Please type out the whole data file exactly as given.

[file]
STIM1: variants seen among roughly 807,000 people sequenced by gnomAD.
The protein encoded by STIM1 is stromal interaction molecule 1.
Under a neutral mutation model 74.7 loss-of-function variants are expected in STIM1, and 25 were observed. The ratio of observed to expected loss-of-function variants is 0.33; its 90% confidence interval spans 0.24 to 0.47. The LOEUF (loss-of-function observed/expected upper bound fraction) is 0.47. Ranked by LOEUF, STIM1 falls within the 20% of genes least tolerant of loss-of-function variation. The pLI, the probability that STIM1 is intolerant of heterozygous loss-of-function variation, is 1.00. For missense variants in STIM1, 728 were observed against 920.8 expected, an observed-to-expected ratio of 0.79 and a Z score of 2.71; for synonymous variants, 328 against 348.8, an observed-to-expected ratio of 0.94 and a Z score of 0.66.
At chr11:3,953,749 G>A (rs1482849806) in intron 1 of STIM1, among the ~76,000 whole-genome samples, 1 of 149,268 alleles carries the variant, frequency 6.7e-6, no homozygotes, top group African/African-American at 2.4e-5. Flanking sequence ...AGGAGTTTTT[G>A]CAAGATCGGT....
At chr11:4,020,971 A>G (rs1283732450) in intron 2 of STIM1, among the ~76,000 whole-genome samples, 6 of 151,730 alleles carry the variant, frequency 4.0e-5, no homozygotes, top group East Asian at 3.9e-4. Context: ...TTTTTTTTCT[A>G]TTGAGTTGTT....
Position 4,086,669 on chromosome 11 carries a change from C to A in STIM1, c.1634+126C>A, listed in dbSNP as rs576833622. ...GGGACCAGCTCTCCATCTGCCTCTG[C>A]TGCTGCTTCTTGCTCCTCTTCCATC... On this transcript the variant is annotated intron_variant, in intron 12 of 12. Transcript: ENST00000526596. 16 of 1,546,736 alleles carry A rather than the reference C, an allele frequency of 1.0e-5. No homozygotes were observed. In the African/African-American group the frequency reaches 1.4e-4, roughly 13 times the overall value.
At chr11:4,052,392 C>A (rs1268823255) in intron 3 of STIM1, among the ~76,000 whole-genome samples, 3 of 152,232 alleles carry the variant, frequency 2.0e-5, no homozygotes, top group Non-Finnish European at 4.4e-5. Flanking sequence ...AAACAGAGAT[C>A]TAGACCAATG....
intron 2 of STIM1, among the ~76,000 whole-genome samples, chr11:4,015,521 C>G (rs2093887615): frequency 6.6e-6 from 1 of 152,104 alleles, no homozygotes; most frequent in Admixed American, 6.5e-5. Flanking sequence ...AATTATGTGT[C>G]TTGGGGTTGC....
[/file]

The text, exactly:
STIM1: variants seen among roughly 807,000 people sequenced by gnomAD.
The protein encoded by STIM1 is stromal interaction molecule 1.
Under a neutral mutation model 74.7 loss-of-function variants are expected in STIM1, and 25 were observed. The ratio of observed to expected loss-of-function variants is 0.33; its 90% confidence interval spans 0.24 to 0.47. The LOEUF (loss-of-function observed/expected upper bound fraction) is 0.47. Ranked by LOEUF, STIM1 falls within the 20% of genes least tolerant of loss-of-function variation. The pLI, the probability that STIM1 is intolerant of heterozygous loss-of-function variation, is 1.00. For missense variants in STIM1, 728 were observed against 920.8 expected, an observed-to-expected ratio of 0.79 and a Z score of 2.71; for synonymous variants, 328 against 348.8, an observed-to-expected ratio of 0.94 and a Z score of 0.66.
At chr11:3,953,749 G>A (rs1482849806) in intron 1 of STIM1, among the ~76,000 whole-genome samples, 1 of 149,268 alleles carries the variant, frequency 6.7e-6, no homozygotes, top group African/African-American at 2.4e-5. Flanking sequence ...AGGAGTTTTT[G>A]CAAGATCGGT....
At chr11:4,020,971 A>G (rs1283732450) in intron 2 of STIM1, among the ~76,000 whole-genome samples, 6 of 151,730 alleles carry the variant, frequency 4.0e-5, no homozygotes, top group East Asian at 3.9e-4. Context: ...TTTTTTTTCT[A>G]TTGAGTTGTT....
Position 4,086,669 on chromosome 11 carries a change from C to A in STIM1, c.1634+126C>A, listed in dbSNP as rs576833622. ...GGGACCAGCTCTCCATCTGCCTCTG[C>A]TGCTGCTTCTTGCTCCTCTTCCATC... On this transcript the variant is annotated intron_variant, in intron 12 of 12. Transcript: ENST00000526596. 16 of 1,546,736 alleles carry A rather than the reference C, an allele frequency of 1.0e-5. No homozygotes were observed. In the African/African-American group the frequency reaches 1.4e-4, roughly 13 times the overall value.
At chr11:4,052,392 C>A (rs1268823255) in intron 3 of STIM1, among the ~76,000 whole-genome samples, 3 of 152,232 alleles carry the variant, frequency 2.0e-5, no homozygotes, top group Non-Finnish European at 4.4e-5. Flanking sequence ...AAACAGAGAT[C>A]TAGACCAATG....
intron 2 of STIM1, among the ~76,000 whole-genome samples, chr11:4,015,521 C>G (rs2093887615): frequency 6.6e-6 from 1 of 152,104 alleles, no homozygotes; most frequent in Admixed American, 6.5e-5. Flanking sequence ...AATTATGTGT[C>G]TTGGGGTTGC....